The first records of the Nabataeans show that they lived in Edomite territory, although there is some dispute as to how and when the Nabataeans arrived there - some believe that they lived alongside the Edomites for hundreds of years, while others maintain that the Nabataeans migrated to the Edomite territory after the Edomites moved north. They eventually chose the site of Petra to build their city.
Pyramid

Researchers discover remains of Alexander the Great's father

© THEODORE ANTIKAS
Unequal greaves and the Scynthian gorytus
A team of Greek researchers has confirmed that bones found in a two-chambered royal tomb at Vergina, a town some 100 miles away from Amphipolis's mysterious burial mound, indeed belong to the Macedonian King Philip II, Alexander the Great's father.

The anthropological investigation examined 350 bones and fragments found in two larnakes, or caskets, of the tomb. It uncovered pathologies, activity markers and trauma that helped identify the tomb's occupants.

Along with the cremated remains of Philip II, the burial, commonly known as Tomb II, also contained the bones of a woman warrior, possibly the daughter of the Skythian King Athea, Theodore Antikas, head of the Art-Anthropological research team of the Vergina excavation, told Discovery News.

The findings will be announced on Friday at the Archaeological Museum of Thessaloniki. Accompanied by 3,000 digital color photographs and supported by X-ray computed tomography, scanning electron microscopy, and X-ray fluorescence, the research aims to settle a decades-old debate over the cremated skeleton.
Blue Planet

Closest link to our universal mitochondrial ancestor found

Africans
© Danita Delimont/Getty
Humanity's roots are in Africa
A man who died in 315 BC in southern Africa is the closest relative yet known to humanity's common female ancestor - mitochondrial Eve

He died later than Socrates and Aristotle, but a man who fished along the coast of southern Africa is the closest genetic match for our common female ancestor yet found.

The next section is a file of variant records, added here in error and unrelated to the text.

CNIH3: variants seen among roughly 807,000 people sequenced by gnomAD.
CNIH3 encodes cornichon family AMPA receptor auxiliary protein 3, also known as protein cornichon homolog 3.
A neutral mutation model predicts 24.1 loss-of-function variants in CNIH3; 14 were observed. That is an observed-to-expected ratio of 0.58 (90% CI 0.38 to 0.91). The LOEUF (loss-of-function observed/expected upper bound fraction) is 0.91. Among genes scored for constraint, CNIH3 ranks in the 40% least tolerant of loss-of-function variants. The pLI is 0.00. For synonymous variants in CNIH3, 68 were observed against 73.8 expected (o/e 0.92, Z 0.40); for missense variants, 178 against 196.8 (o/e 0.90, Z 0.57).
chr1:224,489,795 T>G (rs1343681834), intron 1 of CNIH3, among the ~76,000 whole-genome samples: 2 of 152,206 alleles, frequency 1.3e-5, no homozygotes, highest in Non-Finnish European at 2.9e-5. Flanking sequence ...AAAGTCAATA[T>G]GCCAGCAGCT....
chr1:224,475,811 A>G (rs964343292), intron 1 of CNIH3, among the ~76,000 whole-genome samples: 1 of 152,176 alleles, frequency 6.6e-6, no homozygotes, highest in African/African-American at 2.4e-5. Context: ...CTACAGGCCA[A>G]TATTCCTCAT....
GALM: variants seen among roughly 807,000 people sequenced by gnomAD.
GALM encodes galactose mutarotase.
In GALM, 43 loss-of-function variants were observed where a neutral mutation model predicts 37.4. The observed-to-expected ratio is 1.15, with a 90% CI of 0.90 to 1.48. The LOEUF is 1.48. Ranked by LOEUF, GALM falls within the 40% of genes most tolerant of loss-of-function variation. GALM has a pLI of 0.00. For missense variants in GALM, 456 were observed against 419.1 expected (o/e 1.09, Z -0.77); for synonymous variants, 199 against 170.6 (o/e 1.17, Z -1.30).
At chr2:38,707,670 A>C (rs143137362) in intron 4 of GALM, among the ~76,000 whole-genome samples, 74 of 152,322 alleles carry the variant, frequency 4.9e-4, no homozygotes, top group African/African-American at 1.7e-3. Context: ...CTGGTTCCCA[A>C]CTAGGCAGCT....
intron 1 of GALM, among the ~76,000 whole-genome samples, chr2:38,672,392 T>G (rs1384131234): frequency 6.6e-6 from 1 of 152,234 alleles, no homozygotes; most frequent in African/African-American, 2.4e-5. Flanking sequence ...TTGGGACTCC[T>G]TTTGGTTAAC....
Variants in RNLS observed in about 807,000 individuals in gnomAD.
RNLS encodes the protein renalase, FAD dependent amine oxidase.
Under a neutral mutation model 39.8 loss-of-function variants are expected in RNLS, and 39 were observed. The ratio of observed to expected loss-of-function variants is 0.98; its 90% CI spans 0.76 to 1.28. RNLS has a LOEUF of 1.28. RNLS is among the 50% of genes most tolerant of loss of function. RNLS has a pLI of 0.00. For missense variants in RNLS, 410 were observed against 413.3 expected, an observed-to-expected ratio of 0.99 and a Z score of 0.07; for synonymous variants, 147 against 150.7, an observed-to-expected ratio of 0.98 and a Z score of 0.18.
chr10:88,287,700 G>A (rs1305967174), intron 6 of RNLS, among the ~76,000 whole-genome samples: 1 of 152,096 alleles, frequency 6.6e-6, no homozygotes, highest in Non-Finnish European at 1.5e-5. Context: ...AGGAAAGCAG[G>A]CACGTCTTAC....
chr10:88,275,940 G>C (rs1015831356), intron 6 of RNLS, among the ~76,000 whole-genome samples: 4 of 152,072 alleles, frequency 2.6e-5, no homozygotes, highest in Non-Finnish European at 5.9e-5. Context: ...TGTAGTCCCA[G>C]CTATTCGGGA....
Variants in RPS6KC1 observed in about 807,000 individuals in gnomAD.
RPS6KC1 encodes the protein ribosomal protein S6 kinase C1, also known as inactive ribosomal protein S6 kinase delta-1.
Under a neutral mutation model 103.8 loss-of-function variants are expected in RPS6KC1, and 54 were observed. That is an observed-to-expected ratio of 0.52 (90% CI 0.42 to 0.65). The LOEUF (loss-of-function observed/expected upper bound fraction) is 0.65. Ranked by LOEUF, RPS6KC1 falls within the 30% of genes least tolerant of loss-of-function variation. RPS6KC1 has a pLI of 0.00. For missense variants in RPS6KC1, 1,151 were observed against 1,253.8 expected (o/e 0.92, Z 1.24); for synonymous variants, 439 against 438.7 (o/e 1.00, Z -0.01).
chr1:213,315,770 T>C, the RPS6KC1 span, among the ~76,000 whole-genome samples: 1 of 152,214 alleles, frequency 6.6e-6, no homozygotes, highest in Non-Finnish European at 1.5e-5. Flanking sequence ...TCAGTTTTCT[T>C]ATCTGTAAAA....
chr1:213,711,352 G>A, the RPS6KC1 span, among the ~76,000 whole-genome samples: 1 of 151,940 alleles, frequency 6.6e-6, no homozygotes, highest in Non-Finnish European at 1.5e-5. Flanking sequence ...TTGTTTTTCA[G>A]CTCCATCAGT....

If you trace back the DNA in the maternally inherited mitochondria within our cells, all humans have a theoretical common ancestor. This woman, known as "mitochondrial Eve", lived between 100,000 and 200,000 years ago in southern Africa. She was not the first human, but every other female lineage eventually had no female offspring, failing to pass on their mitochondrial DNA. As a result, all humans today can trace their mitochondrial DNA back to her.

Within her DNA, and that of her peers, existed almost all the genetic variation we see in contemporary humans. Since Eve's time, different populations of humans have drifted apart genetically, forming the distinct ethnic groups we see today.

Comment: "First Ancient Mitochondrial Human Genome from a Prepastoralist Southern African", Genome Biol Evol (2014) 6 (10): 2647-2653 can be found here.

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Mysterious giant megaliths discovered in remote Russia puzzle scientists

Mysterious stones on Mountain Shoriya (Kemerov region, Russia) have puzzled both scientists and ordinary men. The wall of rectangular stones piled up on top of each other is already being called the "Russian Stonehenge". According to one of the stories, they were found back in ancient times.

Though it aroused the interest of researchers in 1991, it was not explored then due to lack of financing. The research was just resumed in autumn 2013.

The granite blocks impress with their dimensions. They are making up walls in a polygonal masonry technique. Geologists compare them with Stonehenge and Egyptian pyramids.

The walls are 40 meters high, and they stretch for almost 200 meters. The length of some of the stones is about 20 meters, and their height is 5-7 meters. The weight of every block is more than 1000 tons.